No, you’re crazy. I’m a social worker. I have no interest in being a part of this political system in this way. I’m just happy to be a rank-and-file organizer, happy to be a foot soldier — that’s very gratifying for me.
But every so often, they would check in with me and ask again. Eventually, I decided that I would regret not trying. I thought, “Well, I’m thirty-four now, I don’t want to be forty years old wishing I had tried to be a part of this movement, to score a big win for our movement, with people whom I’ve organized with for years. This is a rare opportunity.” So, I said, “Ok, let’s do this.”
This is also NYC-DSA’s first Manhattan race, so it’s a huge honor, because as you know, Lower Manhattan has been the historic bastion of socialism in New York City, from our Jewish Marxist comrades who came over here from Europe and settled on the Lower East Side, to our Puerto Rican diaspora who made it the loisaida. This is a part of our story. It’s what informs who we are as a movement. To win this here will be a huge honor.
What’s the agenda that you’re running on?
As an ecosocialist, I know the climate crisis is already at our doors. This district got hit hard during Hurricane Sandy, especially the New York City Housing Authority buildings along the East River. If you walk into [Governor Alfred E.] Smith Houses, you’ll see there’s a line of black mold above your head. That’s from the water line nine years ago. So, my first priority in office will be passing the New York State Build Public Renewables Act and the New York Utility Democracy Act, which will get New York off of fossil fuel infrastructure and into renewable energy.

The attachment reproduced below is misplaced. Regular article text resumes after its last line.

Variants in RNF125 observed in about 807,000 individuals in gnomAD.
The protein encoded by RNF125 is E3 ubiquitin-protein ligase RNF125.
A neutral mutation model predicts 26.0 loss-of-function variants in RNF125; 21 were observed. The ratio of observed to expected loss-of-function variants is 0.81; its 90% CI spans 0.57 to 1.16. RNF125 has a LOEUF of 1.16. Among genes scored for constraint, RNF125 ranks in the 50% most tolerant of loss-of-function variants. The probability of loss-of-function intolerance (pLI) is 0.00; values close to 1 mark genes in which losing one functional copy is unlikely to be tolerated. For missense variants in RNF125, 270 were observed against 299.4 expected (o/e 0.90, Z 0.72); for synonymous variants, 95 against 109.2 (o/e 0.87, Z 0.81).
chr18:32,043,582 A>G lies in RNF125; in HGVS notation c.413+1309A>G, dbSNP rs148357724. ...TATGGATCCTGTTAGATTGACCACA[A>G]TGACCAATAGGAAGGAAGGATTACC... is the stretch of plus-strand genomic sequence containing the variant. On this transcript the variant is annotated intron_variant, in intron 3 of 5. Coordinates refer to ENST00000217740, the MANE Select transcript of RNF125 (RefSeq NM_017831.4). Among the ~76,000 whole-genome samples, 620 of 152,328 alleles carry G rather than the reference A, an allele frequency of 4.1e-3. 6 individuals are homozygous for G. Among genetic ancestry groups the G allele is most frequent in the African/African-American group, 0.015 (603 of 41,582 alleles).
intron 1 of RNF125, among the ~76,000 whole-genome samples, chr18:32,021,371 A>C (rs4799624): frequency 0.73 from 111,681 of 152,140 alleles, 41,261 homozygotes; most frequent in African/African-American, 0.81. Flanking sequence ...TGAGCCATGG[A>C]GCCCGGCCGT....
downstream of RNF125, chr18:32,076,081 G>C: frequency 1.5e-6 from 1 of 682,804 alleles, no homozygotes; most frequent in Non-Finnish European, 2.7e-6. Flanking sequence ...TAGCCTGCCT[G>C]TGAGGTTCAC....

The superexploitation of workers is also a huge problem in this district, whether it’s in the restaurant industry or in home health care. A dim sum parlor in Chinatown, Joy Luck Palace, was ordered in 2019 to pay nineteen former employees nearly $1 million in stolen wages, because they hadn’t been paid minimum wage or overtime. But none of the employees have received any money from the court judgment. Unfortunately, this kind of situation happens all the time. Wage theft is rampant in our district. So, I’ll be fighting for the SWEAT (Securing Wages Earned Against Theft) Bill, which would put a lien on the personal assets of criminal bosses, preventing business owners from simply shifting their assets around to avoid paying back the wages they stole from their employees.
The other socialist priorities will also be at the top of my Albany wish list: good cause, which would protect tenants from eviction and exorbitant rent increases, and the New York Health Act, which would be like Medicare for All at the state level. When these bills pass, the lives of millions of working-class New Yorkers will be massively and materially transformed for the better.